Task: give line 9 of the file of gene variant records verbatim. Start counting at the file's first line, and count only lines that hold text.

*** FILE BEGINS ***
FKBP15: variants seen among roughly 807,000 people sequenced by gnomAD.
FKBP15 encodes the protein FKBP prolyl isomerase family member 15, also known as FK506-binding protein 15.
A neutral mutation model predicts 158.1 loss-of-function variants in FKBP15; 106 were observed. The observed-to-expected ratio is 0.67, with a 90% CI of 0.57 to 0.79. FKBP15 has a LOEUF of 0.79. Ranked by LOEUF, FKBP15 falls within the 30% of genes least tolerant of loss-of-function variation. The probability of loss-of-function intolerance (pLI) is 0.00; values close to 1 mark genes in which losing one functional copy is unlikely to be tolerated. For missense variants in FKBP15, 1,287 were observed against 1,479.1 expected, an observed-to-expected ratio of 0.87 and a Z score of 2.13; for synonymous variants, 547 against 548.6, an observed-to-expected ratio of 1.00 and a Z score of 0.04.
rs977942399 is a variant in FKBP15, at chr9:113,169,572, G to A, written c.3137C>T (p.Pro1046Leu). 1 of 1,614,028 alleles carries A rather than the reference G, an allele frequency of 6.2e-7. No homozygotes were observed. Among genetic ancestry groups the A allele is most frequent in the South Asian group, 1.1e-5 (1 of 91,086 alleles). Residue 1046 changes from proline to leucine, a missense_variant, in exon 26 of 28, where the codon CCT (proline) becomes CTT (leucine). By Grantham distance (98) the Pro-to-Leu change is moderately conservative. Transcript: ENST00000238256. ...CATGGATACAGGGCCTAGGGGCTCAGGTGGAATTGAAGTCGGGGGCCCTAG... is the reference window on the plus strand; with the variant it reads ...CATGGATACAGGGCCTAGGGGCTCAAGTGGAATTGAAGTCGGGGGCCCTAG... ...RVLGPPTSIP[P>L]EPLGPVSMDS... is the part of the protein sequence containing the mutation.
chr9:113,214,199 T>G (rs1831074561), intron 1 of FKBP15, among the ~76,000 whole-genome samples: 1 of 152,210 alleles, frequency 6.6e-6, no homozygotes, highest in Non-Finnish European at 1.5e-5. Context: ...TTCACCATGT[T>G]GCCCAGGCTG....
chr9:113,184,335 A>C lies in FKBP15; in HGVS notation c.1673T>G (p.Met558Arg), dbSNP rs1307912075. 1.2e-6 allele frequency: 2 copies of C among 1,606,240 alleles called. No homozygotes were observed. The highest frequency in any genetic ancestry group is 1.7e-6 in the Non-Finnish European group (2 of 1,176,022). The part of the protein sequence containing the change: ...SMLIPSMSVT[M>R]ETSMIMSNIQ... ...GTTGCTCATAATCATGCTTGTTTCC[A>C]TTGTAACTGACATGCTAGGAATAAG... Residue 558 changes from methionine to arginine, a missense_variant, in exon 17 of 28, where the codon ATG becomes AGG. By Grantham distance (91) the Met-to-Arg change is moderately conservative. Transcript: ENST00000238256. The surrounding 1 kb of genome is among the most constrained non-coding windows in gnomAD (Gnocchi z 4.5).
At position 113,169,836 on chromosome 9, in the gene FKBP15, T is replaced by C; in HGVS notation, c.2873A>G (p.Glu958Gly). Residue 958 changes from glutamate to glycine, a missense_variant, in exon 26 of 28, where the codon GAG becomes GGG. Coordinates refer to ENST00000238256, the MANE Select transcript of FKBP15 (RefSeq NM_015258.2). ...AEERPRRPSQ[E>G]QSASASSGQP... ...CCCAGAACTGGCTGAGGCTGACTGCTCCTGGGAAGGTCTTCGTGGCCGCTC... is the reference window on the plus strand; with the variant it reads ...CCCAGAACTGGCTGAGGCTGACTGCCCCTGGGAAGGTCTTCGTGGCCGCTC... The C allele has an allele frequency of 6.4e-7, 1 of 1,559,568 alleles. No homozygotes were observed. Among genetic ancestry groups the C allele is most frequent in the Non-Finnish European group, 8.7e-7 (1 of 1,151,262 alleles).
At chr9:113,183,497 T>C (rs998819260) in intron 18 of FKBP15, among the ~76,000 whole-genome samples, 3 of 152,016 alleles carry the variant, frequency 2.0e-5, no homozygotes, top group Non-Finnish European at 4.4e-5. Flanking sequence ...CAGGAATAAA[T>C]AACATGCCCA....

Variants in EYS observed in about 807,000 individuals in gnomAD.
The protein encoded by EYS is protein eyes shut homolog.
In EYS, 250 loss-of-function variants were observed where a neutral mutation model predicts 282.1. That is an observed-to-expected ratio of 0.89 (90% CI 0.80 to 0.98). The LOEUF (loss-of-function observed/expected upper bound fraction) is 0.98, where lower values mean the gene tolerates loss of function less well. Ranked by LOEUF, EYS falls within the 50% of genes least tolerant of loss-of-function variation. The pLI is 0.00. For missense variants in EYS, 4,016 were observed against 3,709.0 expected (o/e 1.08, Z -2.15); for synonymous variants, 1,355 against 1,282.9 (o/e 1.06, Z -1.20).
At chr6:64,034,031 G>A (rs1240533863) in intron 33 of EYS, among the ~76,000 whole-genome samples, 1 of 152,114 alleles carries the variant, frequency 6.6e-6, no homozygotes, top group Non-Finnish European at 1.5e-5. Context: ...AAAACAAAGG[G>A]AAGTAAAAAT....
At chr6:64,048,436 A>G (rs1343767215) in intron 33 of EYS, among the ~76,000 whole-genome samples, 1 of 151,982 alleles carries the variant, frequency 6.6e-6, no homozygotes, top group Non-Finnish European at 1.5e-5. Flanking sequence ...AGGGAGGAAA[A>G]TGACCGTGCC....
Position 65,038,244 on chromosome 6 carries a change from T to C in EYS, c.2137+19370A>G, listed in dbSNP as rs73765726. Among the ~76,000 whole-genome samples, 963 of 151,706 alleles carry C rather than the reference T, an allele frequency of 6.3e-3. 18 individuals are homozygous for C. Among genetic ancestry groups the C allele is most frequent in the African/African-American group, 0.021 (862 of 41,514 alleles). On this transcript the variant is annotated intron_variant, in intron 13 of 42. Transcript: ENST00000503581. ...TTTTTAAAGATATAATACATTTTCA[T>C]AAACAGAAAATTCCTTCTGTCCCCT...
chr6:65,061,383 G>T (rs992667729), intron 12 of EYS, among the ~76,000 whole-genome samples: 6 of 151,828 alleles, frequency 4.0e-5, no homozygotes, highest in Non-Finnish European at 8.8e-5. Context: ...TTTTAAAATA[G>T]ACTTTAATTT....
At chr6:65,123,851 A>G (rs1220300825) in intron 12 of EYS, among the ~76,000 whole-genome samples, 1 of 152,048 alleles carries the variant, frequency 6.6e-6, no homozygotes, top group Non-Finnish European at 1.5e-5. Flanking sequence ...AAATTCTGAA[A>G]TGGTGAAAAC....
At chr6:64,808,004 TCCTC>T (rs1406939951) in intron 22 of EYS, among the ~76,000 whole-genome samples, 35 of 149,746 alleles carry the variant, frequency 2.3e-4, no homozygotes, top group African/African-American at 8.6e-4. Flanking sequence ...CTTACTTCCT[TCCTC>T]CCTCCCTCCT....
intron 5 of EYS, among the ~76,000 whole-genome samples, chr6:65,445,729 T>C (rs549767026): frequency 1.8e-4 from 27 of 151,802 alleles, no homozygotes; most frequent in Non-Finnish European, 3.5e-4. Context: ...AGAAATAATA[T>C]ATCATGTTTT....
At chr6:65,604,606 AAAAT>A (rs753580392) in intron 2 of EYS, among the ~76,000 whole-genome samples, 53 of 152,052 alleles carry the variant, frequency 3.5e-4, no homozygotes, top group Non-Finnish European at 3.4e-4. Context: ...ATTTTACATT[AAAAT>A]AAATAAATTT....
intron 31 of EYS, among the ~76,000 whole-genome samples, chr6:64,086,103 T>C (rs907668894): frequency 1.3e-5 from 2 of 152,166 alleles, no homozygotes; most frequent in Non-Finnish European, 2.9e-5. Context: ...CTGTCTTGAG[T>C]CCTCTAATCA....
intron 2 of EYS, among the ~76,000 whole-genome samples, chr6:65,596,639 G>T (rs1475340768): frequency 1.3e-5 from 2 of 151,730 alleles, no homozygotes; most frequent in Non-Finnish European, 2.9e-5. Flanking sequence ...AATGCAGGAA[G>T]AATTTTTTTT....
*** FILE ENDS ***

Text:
Variants in EYS observed in about 807,000 individuals in gnomAD.